Meet the man who made rosé cool


It wasn’t so long ago that most men wouldn’t be caught dead holding a pink wine. Fastforward to today and both men and women are drinking so much rosé that there is a shortage on the East End practically every season. The rise of “brosé” and the Fat Jew’s “White Girl Rosé” brand have been well documented. But who is responsible for this dramatic change in American tastes? The answer, according to wine critic Jay McInerney, is Sacha Lichine.

Sacha Lichine
Sacha Lichine

Lichine is the son of Alexis Lichine, who, “as an author, importer, and château owner, did more to introduce Americans to French wine than anyone since Thomas Jefferson,” according to McInerney. Alexis was known for hauling French wine to remote corners of the U.S. by Greyhound.

Because of his salesman father, Lichine grew up in Manhattan, not France, but spent his summers at Château Prieuré-Lichine, a Fourth Growth estate in Bordeaux.

He was introduced to rosé by his father in Monte Carlo. He drank it at the Hôtel de Paris, at the Prince’s Palace with Grace Kelly, and with Prince Rainier on his yacht. It was an education in wine that made him the perfect international ambassador for the pink wine of Provence.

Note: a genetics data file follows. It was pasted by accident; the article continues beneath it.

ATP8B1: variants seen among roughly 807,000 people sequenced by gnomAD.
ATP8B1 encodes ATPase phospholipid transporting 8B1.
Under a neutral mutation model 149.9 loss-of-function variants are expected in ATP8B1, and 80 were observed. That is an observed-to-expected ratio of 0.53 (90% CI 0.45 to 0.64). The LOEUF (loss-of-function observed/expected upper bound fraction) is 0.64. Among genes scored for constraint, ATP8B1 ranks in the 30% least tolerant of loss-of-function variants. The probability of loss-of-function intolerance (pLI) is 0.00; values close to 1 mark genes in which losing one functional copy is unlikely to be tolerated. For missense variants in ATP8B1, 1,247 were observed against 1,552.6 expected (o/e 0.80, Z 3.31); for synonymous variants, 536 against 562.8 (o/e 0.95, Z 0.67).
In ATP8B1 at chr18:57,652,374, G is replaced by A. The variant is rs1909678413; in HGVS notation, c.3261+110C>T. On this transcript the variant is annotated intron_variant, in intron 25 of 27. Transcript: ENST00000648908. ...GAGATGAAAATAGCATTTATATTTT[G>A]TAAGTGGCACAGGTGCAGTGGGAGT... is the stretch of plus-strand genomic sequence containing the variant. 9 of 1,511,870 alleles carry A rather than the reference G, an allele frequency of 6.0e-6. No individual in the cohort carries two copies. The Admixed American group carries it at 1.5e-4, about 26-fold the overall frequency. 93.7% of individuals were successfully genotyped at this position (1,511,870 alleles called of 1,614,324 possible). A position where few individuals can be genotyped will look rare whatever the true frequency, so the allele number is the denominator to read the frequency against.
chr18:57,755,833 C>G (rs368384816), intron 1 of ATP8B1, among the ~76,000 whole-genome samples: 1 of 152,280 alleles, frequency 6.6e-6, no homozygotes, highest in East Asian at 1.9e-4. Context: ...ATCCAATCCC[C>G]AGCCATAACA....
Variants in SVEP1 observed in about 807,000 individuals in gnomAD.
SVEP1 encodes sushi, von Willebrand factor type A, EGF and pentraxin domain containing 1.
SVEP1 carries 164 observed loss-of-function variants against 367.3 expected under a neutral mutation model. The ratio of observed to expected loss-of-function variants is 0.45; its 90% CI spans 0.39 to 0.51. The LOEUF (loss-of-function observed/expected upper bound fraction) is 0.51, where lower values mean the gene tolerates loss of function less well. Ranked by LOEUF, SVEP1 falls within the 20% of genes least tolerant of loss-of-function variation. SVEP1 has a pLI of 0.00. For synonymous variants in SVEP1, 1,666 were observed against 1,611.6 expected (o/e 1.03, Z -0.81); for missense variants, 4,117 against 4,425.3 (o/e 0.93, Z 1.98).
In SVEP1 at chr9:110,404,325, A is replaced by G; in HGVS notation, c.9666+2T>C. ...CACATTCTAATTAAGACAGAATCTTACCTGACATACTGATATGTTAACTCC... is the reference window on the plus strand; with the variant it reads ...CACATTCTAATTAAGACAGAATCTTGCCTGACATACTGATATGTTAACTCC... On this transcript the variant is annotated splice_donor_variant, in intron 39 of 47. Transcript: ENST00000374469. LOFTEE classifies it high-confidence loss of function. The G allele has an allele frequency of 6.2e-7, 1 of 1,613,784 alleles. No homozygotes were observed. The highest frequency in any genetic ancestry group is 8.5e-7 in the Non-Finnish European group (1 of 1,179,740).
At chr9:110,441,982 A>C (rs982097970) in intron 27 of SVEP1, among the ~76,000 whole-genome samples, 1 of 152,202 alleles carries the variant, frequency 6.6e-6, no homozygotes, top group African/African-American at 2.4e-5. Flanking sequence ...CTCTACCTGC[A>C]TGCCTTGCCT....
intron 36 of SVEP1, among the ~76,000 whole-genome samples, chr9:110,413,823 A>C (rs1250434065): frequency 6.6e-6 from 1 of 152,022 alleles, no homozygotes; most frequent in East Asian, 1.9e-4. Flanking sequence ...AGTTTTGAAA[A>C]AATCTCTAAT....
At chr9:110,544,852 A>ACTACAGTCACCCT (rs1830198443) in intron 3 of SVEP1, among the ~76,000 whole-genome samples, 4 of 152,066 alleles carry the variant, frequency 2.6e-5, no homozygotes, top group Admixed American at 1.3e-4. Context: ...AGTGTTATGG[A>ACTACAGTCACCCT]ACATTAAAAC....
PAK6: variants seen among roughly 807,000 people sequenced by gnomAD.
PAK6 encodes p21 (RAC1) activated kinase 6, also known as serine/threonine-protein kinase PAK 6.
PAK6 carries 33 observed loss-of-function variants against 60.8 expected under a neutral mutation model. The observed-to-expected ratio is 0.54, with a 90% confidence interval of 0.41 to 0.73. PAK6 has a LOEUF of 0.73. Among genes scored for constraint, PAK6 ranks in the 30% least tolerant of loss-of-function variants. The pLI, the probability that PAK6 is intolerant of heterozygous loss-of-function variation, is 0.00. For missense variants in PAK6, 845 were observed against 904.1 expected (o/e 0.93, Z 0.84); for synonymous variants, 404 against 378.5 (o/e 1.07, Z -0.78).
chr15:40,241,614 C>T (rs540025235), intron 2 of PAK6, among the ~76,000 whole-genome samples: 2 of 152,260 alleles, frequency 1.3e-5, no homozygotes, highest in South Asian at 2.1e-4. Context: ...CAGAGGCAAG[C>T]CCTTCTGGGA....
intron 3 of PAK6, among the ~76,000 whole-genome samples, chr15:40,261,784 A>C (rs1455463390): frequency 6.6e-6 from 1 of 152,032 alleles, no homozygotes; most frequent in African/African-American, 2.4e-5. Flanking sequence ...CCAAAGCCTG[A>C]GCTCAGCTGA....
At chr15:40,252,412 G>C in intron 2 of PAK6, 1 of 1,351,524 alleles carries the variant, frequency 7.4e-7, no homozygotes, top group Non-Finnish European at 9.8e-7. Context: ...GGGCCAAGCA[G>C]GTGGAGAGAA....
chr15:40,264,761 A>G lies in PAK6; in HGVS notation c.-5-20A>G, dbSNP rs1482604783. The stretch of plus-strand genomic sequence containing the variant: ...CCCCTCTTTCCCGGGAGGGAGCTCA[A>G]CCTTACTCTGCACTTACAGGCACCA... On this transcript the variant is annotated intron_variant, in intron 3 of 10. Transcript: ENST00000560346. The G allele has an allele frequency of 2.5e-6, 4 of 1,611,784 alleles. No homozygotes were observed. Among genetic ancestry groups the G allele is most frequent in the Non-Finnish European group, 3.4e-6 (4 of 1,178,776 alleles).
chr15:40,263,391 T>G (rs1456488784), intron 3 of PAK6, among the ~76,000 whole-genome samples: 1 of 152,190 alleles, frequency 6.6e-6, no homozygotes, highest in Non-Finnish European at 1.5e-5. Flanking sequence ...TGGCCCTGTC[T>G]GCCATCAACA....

In 2006, he purchased Château d’Esclans, a 667-acre, 13th-century estate that includes century-old cinsaut and grenache vines. He hired Patrick Léon, the former winemaker at Château Mouton Rothschild, and together they set out to create the world’s best rosé, according to Town and Country.


Ironically, it was the 2008 recession that changed the wine game and put Lichine’s rosés on top. Château d’Esclans was able to sell two of its rosés (Whispering Angel and Rock Angel) for significantly less than those of Domaines Ott — traditionally the best-selling rosé. And cash strapped consumers looking for a bit of glamour during the hard times bit.

Meanwhile Lichine was also making the most expensive rosé in the world: Garrus. He tells Town and Country that he “wanted to make the Dom Pérignon of rosés.” Garrus quickly became a cult wine among the ultra rich, and the popularity of wine trickled down. Now every serf and tsar wants a taste of the pink stuff.